Karen…welcome. So good to hear from you and thanks for the encouraging words.

  • Tom

    Thanks for a great read Carey. Where would you start when you’re staring at the “problems that not only other people can’t solve, but you’re not sure how to solve”?

  • http://www.facebook.com/rob.sellitto Rob Sellitto

    Hi Carey
    Sometimes your posts are so very timely, and also so very frustrating!
    I really appreciate what you shared. But I do have a question in hopes of getting some clarity: what if it is really time to move on? And what if you keeping trying to make something work is really not the right choice? I don’t think I am adverse to personal growth, and I think I do pretty well at continuously challenging myself in this way, but I could be wrong, I also know that everything inside of me wants to leave most of the time.

  • cnieuwhof

    Rob…watch for today’s post. It’s a response to your question. I’m posting it shortly. Thanks!

  • cnieuwhof

    Tom. love that question. I know for me that’s when I get a new coach or find some new mentors. I have had a number of mentors and have used a leadership coach for several years now. They help me push through walls I don’t know how to push through. Sometimes a counselor has helped me too when it’s not so much a leadership issue but a personal/emotional barrier I’m facing. Does that help?

  • http://www.westsidegathering.com david

    Thanks for this reminder.
    I’m a fan of longevity, believe the dots only connect after years of pursuit, and as you affirmed – growth happens only when we need to break through some obstacles – usually our own limitations.

  • Carey Nieuwhof

    Thanks David. So true!

  • Christopher Gooding

    Wow…Daniel, I thought I had it rough. I serve as a children’s pastor and my wife is my admin and because of the separate demands on each of us, we rarely make it to worship…in the SAME church. To me this seems like a legitimate case for one of you to jump ship…I’d really consider how to get yourselves meshed so that you can attend the same church … do you have kids, too? I’m assuming “no”….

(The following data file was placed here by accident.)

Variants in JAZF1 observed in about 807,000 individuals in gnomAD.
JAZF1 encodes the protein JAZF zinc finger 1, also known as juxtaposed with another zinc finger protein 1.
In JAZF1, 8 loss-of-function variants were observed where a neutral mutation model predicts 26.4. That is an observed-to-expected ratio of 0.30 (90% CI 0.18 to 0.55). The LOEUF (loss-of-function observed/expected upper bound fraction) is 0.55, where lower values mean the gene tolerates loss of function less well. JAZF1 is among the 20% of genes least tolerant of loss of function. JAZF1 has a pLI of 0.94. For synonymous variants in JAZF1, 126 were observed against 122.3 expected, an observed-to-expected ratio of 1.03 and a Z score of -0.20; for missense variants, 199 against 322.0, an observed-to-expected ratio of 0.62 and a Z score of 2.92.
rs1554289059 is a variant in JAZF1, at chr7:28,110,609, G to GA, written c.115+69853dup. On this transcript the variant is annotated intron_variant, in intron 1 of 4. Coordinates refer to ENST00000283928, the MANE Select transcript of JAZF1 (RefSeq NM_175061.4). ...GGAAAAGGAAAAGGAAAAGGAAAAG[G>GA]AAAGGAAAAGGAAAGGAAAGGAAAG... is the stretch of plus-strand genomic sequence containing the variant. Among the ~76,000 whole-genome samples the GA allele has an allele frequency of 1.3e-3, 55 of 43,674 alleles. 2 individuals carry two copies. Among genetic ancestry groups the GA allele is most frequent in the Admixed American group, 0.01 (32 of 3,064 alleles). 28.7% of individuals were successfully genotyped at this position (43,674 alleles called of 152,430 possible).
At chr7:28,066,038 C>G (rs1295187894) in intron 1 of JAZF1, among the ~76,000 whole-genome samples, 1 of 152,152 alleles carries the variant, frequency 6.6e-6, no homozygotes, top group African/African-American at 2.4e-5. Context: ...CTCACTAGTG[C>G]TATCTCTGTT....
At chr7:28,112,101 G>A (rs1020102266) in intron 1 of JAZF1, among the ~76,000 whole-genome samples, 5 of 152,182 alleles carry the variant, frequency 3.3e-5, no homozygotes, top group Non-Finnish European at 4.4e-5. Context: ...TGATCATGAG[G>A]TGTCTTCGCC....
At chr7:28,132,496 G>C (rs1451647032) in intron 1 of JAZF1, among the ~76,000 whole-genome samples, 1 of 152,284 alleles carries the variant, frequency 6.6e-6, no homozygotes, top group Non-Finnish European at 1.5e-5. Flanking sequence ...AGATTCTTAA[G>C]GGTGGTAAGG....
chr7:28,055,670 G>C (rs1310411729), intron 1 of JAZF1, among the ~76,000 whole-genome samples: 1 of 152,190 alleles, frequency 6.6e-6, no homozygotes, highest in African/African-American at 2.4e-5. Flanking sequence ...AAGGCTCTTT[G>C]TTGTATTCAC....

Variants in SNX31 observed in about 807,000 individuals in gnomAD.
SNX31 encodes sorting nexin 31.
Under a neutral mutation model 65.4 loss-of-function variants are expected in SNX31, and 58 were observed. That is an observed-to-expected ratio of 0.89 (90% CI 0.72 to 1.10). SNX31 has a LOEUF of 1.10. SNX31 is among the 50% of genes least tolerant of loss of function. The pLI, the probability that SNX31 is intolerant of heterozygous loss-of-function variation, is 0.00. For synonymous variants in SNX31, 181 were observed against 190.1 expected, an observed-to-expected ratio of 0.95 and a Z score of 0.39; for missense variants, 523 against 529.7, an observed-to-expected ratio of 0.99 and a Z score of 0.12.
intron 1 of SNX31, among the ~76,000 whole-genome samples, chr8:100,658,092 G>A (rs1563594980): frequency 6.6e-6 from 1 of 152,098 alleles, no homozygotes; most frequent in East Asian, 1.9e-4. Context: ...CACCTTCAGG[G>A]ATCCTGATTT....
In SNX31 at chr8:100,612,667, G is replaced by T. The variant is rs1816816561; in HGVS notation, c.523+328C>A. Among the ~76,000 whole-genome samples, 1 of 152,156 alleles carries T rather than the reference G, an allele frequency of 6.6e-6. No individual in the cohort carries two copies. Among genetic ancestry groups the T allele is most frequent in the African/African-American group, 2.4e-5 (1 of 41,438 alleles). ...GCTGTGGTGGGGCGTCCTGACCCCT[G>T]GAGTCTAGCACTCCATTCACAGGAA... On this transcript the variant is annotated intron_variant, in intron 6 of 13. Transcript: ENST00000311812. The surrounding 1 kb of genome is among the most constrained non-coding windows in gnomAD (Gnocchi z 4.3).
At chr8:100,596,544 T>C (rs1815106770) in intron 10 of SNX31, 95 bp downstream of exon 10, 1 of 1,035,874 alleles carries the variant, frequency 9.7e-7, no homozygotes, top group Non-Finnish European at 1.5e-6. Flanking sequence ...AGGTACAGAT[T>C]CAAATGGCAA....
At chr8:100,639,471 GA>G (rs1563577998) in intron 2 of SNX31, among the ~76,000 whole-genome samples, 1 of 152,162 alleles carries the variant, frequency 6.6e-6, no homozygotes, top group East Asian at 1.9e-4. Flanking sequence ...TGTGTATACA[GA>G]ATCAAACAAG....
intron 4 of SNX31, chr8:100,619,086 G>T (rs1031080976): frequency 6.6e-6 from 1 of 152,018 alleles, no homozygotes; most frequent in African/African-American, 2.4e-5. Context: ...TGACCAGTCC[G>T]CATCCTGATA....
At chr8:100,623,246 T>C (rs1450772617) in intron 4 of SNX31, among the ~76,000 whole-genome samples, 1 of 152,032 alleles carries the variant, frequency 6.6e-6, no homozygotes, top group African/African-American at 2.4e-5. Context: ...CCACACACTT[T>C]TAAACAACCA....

• Christopher Gooding

    Yes…I agree. and I hate to get too…pragmatic/practical(?)…Moses had some pretty compelling encounters with God that encouraged him to continue his journey…as did Noah…and Paul…and Peter….I’m just saying that I might not doubt my position on a church staff quite as often if I had a pillar of fire fronting my every move… :)

  • Carey Nieuwhof

    Christopher, so true…and yet isn’t it strange that even Moses wished to be ‘taken out’ as a leader? Leadership is hard, no matter how direct the revelation.

  • Julia

    Hi Carey,

    I felt the need to comment because I am really bothered by your broad generalization of this principle – especially since I consider this advice detrimental for youngsters starting out in my field. Let me explain:

    First of all, I fully agree that people these days are too fickle and need to stick to their churches/ministry/relationships as it is part of growing. I have found over the years that God delivers (ie, whether it be a sister’s group to pray with, etc.) but sometimes a lot more slowly and through people that I do not expect. I should not just take off after ‘x’ months because it didn’t work out. So I agree, there is value in persisting.

    However, I think you should limit your comments to your domain of expertise – ministry.